Last weekend, 1701News was provided what was claimed to be an early draft of the screenplay for “Star Trek: Axanar.”
“Axanar,” in case you missed it, was an “independent” fan-film production that has raised more than $1.1 million in crowdfunding to create what was supposed to be a feature-length look into the backstory of the original “Star Trek” episode “Whom Gods Destroy.”
I wasn’t quite sure what I wanted to do with the script. I skimmed through it, and to me, it really looked like something you should expect from a passionate fan. There’s nothing wrong with having that passion, and certainly nothing wrong with directing that passion toward a fan project such as “Axanar.” And if “Axanar” had stayed that production, I doubt you would see a single byline from me even talking about it.
But “Axanar” did overreach. At least according to CBS Corp. and Paramount Pictures, which sued the production and Alec Peters for copyright infringement. While I might not be a loyal watcher of fan productions, I am a supporter. Through the great work of writer John Kirk, 1701News has provided a great window into a number of these productions, including “Axanar.” If you look through our archives, you’ll see the success of their crowdfunding campaigns. You’ll see thoughts from the actors and others involved in the production. And it’s a celebration of fandom.
Because I find the fan-film community important to fandom, it really disturbed me that CBS and Paramount were so upset by what they say Axanar Production and Peters were doing, that those studios would take the very unusual step of suing them. Unfortunately for Axanar, my biggest concern was not for them, but for other fan-films. And on Jan. 2, I shared those thoughts in an op-ed piece that warned “‘Axanar’ Will Ruin Fan Trek For Everyone.”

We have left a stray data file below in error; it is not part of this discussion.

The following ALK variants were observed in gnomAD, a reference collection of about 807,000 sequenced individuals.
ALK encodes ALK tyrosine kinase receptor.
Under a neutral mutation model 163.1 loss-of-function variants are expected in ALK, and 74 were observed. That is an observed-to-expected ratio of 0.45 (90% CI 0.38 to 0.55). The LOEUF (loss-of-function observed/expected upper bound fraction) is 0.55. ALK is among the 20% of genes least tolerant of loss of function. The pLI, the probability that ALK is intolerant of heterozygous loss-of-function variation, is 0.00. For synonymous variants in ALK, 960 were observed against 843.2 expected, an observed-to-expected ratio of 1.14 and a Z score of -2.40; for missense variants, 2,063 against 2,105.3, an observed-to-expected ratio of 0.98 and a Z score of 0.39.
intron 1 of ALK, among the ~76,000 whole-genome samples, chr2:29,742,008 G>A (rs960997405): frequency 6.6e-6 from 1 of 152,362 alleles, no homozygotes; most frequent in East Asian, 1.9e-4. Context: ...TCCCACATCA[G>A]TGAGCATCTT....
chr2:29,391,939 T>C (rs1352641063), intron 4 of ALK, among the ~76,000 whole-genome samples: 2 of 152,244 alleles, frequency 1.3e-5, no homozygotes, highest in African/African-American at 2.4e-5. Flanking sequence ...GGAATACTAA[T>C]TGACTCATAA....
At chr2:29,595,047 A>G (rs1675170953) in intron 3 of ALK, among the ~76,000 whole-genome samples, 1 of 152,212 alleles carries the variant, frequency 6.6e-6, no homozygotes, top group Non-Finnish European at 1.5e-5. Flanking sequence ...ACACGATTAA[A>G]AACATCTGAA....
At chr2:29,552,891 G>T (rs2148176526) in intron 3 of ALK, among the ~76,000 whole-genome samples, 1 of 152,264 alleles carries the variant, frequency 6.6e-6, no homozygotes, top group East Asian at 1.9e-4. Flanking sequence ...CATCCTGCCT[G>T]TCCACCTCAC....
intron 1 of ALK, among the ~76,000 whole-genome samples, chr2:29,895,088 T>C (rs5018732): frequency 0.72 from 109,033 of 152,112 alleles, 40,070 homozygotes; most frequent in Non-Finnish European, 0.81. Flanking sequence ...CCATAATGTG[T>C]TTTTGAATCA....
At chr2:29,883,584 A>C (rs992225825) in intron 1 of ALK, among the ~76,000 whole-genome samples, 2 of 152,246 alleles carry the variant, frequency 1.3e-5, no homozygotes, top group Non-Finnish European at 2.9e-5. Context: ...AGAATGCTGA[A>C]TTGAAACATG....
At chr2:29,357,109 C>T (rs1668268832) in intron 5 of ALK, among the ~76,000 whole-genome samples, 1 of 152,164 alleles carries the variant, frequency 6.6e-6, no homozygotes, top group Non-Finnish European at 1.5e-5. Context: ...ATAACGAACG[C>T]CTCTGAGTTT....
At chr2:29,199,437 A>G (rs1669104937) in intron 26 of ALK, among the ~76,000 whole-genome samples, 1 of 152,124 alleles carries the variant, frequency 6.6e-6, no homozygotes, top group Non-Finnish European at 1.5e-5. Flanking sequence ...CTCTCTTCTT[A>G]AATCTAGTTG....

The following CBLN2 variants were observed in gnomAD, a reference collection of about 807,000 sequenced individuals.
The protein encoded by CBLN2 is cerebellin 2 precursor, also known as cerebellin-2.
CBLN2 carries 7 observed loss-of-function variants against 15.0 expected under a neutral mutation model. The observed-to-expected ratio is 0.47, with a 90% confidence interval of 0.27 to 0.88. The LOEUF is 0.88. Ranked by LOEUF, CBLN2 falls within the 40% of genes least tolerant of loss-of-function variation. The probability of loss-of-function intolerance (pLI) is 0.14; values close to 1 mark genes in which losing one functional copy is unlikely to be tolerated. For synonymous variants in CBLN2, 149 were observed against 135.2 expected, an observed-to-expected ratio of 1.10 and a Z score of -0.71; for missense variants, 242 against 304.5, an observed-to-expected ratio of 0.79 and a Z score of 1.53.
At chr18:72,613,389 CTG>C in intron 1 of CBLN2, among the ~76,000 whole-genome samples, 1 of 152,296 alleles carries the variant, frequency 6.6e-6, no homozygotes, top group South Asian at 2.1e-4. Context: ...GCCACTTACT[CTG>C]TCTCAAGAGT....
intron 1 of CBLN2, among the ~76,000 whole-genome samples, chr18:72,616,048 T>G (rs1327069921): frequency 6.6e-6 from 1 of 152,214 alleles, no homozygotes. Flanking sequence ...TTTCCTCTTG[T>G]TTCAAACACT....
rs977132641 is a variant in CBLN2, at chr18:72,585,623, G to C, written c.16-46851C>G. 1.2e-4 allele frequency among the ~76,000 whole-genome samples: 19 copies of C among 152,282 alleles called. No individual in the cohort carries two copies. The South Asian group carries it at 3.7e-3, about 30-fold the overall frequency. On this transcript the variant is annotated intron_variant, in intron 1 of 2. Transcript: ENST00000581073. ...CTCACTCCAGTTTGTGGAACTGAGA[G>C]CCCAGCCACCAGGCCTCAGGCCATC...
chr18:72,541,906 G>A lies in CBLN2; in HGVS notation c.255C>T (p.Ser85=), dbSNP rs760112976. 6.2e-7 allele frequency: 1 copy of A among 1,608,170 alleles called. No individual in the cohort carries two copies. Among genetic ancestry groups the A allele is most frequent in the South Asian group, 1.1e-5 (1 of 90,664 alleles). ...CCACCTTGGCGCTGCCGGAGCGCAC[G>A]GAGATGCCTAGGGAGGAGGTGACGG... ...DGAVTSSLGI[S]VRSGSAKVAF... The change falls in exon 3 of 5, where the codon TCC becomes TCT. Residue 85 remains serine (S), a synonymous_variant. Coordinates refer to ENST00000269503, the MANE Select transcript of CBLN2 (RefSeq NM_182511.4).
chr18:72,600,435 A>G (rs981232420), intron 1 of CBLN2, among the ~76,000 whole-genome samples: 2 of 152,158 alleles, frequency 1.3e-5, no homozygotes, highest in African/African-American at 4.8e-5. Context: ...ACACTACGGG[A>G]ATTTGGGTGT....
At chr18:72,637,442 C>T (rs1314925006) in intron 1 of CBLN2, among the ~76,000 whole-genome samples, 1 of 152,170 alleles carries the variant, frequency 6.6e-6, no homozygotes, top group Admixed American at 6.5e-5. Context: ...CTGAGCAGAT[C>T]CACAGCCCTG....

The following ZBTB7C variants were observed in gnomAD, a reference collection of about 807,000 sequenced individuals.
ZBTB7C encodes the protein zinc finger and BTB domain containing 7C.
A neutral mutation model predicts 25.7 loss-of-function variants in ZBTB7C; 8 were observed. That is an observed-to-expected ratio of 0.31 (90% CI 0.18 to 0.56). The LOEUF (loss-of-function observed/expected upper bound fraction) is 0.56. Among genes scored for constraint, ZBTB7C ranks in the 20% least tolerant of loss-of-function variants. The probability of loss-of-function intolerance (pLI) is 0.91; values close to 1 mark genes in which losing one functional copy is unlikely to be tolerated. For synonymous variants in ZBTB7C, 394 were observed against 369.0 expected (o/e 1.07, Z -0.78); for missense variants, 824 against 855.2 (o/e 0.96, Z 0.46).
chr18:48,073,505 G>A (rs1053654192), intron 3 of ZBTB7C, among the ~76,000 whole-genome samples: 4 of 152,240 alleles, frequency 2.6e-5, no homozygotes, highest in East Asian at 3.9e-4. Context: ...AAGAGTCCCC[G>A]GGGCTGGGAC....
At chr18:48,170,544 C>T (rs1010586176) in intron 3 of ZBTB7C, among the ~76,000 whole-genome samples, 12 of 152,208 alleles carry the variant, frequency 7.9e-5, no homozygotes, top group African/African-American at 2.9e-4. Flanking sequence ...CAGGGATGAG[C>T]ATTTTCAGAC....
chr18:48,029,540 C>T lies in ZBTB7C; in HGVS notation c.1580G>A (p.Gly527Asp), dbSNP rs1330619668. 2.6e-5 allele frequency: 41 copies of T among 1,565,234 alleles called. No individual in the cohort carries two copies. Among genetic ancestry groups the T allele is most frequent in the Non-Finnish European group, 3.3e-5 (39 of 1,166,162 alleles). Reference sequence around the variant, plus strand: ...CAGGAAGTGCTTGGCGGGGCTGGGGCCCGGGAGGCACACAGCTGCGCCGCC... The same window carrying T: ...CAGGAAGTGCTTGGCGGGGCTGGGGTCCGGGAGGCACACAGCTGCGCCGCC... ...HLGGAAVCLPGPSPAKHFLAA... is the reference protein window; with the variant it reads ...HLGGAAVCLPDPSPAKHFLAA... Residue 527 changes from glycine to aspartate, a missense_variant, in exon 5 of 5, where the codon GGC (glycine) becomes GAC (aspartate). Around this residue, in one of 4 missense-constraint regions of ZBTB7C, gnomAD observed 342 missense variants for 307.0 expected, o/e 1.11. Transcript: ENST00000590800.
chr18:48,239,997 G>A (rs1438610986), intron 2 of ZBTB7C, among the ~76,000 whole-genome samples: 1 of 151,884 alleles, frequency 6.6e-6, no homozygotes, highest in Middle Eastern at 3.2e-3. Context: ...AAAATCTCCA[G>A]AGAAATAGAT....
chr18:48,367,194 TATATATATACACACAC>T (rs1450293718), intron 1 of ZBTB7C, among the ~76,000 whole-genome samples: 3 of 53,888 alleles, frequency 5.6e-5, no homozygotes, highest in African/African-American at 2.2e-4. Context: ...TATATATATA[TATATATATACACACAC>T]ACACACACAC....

The comments on that column were, well, they were massive. At least for us. We don’t really promote the idea of comments, but we had hundreds. And of course, there were people who supported what I said, and those who felt I was completely out of my mind. There were some good discussions, and there was a lot of snark — many times by me. Not that I’m snarky by nature. But after nearly 18 years of doing entertainment journalism online, I feel I have to at least try to be entertaining, even if you might not necessarily agree with what I say.
We opened those comments for everyone here. Yes, there were disagreements. Yes, no one spoke in a vacuum — everyone, including me, could be and were challenged on things that were said. It might not have changed anyone’s minds, but it’s discussion. It’s open. And it’s what free conversation is all about.
However, over the past couple of months, I have witnessed the opposite from Axanar. They have closed ranks, and removed people from their social media areas who were simply a member of other Facebook groups that may not necessarily support Axanar. Peters himself has thrown around threats of lawsuits, including one he made to several people (but not me directly) threatening that I would face a lawsuit if I moved forward with covering the leaked screenplay we received.
Of course, his position was that I was going to publish the entire screenplay online. That was never the plan. In all the years I have worked online, I have never published a screenplay, even when a writer of said screenplay asked me to do it. That’s not what I do. I spent my early years in entertainment reporting providing spoilers for shows like “Earth: Final Conflict,” the various Stargate programs, and especially “Battlestar Galactica.” Where did those spoilers come from? Leaked scripts. I wouldn’t publish the scripts. Instead, I would take out information I felt readers would find fascinating, and hopefully whet their appetite to see more on the screen.
In fact, that’s why people would leak those scripts to me. We weren’t in the business of giving things away. We were in the business of trying to bring people to these science-fiction projects. When I started Airlock Alpha as SyFy World in 1998, I could count the number of genre shows on one hand, and that included both “Star Trek: Deep Space Nine” and “Star Trek: Voyager.” Today, there are so many programs in the genre, it’s impossible for me as one person to keep up.
So the fact that I would even publish a script now is ludicrous, even one in which Axanar likely couldn’t legitimately make a copyright claim on based on the pending lawsuit CBS and Paramount have filed against it.